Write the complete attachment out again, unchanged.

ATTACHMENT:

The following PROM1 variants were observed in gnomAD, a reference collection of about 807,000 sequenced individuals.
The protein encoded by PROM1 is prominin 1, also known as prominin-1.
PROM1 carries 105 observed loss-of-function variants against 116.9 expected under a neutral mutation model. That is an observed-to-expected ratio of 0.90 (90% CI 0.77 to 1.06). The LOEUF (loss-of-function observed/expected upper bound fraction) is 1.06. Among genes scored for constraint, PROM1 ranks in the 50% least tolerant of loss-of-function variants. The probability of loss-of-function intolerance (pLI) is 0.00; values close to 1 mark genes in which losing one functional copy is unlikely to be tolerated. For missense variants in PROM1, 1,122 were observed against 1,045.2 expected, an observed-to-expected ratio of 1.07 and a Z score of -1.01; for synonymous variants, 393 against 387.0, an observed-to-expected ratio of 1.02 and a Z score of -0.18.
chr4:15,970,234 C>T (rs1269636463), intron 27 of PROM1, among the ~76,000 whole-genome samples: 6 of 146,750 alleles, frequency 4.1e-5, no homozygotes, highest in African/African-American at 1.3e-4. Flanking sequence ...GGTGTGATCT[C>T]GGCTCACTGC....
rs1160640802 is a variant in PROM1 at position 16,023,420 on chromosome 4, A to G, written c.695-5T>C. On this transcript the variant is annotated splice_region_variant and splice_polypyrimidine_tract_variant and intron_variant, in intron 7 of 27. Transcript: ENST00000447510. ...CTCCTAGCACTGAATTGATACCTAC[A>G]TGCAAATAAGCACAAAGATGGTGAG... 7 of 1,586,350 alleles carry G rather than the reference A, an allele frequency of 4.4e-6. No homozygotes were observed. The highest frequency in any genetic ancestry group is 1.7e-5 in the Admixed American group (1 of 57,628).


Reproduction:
The following PROM1 variants were observed in gnomAD, a reference collection of about 807,000 sequenced individuals.
The protein encoded by PROM1 is prominin 1, also known as prominin-1.
PROM1 carries 105 observed loss-of-function variants against 116.9 expected under a neutral mutation model. That is an observed-to-expected ratio of 0.90 (90% CI 0.77 to 1.06). The LOEUF (loss-of-function observed/expected upper bound fraction) is 1.06. Among genes scored for constraint, PROM1 ranks in the 50% least tolerant of loss-of-function variants. The probability of loss-of-function intolerance (pLI) is 0.00; values close to 1 mark genes in which losing one functional copy is unlikely to be tolerated. For missense variants in PROM1, 1,122 were observed against 1,045.2 expected, an observed-to-expected ratio of 1.07 and a Z score of -1.01; for synonymous variants, 393 against 387.0, an observed-to-expected ratio of 1.02 and a Z score of -0.18.
chr4:15,970,234 C>T (rs1269636463), intron 27 of PROM1, among the ~76,000 whole-genome samples: 6 of 146,750 alleles, frequency 4.1e-5, no homozygotes, highest in African/African-American at 1.3e-4. Flanking sequence ...GGTGTGATCT[C>T]GGCTCACTGC....
rs1160640802 is a variant in PROM1 at position 16,023,420 on chromosome 4, A to G, written c.695-5T>C. On this transcript the variant is annotated splice_region_variant and splice_polypyrimidine_tract_variant and intron_variant, in intron 7 of 27. Transcript: ENST00000447510. ...CTCCTAGCACTGAATTGATACCTAC[A>G]TGCAAATAAGCACAAAGATGGTGAG... 7 of 1,586,350 alleles carry G rather than the reference A, an allele frequency of 4.4e-6. No homozygotes were observed. The highest frequency in any genetic ancestry group is 1.7e-5 in the Admixed American group (1 of 57,628).